Importance of MAP kinases during protoperithecial morphogenesis in Neurospora crassa

24Citations
Citations of this article
43Readers
Mendeley users who have this article in their library.

Abstract

In order to produce multicellular structures filamentous fungi combine various morphogenetic programs that are fundamentally different from those used by plants and animals. The perithecium, the female sexual fruitbody of Neurospora crassa, differentiates from the vegetative mycelium in distinct morphological stages, and represents one of the more complex multicellular structures produced by fungi. In this study we defined the stages of protoperithecial morphogenesis in the N. crassa wild type in greater detail than has previously been described; compared protoperithecial morphogenesis in gene-deletion mutants of all nine mitogen-activated protein (MAP) kinases conserved in N. crassa; confirmed that all three MAP kinase cascades are required for sexual development; and showed that the three different cascades each have distinctly different functions during this process. However, only MAP kinases equivalent to the budding yeast pheromone response and cell wall integrity pathways, but not the osmoregulatory pathway, were essential for vegetative cell fusion. Evidence was obtained for MAP kinase signaling cascades performing roles in extracellular matrix deposition, hyphal adhesion, and envelopment during the construction of fertilizable protoperithecia.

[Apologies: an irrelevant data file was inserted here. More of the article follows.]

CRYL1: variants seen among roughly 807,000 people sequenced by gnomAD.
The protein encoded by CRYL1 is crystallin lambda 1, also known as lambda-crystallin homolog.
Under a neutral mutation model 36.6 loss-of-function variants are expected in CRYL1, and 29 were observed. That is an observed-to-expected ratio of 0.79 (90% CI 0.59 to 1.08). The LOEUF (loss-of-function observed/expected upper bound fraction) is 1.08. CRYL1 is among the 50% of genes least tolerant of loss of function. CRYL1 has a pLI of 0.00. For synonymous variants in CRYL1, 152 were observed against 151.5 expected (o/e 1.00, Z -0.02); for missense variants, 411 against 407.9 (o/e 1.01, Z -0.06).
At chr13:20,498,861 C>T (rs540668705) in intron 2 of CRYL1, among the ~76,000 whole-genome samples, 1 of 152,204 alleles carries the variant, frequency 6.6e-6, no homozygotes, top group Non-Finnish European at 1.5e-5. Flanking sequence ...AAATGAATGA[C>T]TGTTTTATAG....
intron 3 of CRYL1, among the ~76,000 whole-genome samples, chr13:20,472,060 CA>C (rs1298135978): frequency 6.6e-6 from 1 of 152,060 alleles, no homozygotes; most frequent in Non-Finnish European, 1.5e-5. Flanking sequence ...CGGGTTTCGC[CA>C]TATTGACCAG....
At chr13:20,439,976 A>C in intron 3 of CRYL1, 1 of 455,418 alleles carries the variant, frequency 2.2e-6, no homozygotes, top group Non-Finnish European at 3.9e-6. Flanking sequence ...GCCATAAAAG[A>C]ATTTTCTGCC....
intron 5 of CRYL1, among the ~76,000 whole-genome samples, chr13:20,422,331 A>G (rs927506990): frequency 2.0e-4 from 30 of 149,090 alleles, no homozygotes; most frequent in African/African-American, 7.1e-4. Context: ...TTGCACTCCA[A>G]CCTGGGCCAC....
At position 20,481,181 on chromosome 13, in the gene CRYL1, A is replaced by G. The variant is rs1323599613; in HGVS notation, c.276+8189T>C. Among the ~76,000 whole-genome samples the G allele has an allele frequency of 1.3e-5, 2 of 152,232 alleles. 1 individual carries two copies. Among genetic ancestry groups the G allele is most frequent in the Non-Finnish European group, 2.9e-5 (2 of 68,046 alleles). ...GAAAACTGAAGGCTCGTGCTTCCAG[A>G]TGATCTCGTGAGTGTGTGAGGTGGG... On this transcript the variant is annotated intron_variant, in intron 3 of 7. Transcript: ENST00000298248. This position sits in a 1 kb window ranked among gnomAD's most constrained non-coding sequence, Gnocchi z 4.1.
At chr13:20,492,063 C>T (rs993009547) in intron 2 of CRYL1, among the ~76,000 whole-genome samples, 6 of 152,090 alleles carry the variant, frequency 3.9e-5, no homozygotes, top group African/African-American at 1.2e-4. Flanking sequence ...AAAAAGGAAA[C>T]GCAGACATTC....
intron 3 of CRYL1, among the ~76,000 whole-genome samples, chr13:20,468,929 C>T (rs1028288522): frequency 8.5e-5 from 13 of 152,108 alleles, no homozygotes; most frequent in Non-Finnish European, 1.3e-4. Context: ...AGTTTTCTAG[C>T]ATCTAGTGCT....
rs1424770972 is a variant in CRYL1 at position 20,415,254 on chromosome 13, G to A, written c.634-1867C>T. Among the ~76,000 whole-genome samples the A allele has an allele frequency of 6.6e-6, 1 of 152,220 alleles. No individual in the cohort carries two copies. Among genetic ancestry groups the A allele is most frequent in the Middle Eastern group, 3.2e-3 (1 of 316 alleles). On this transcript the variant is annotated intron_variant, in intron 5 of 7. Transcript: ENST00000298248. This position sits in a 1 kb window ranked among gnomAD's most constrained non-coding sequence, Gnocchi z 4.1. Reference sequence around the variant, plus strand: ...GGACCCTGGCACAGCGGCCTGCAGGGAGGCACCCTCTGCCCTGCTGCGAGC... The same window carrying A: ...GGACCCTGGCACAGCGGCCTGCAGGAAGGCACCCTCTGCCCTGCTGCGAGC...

Cite

CITATION STYLE

APA

Lichius, A., Lord, K. M., Jeffree, C. E., Oborny, R., Boonyarungsrit, P., & Read, N. D. (2012). Importance of MAP kinases during protoperithecial morphogenesis in Neurospora crassa. PLoS ONE, 7(8). https://doi.org/10.1371/journal.pone.0042565

Register to see more suggestions

Mendeley helps you to discover research relevant for your work.

Already have an account?

Save time finding and organizing research with Mendeley

Sign up for free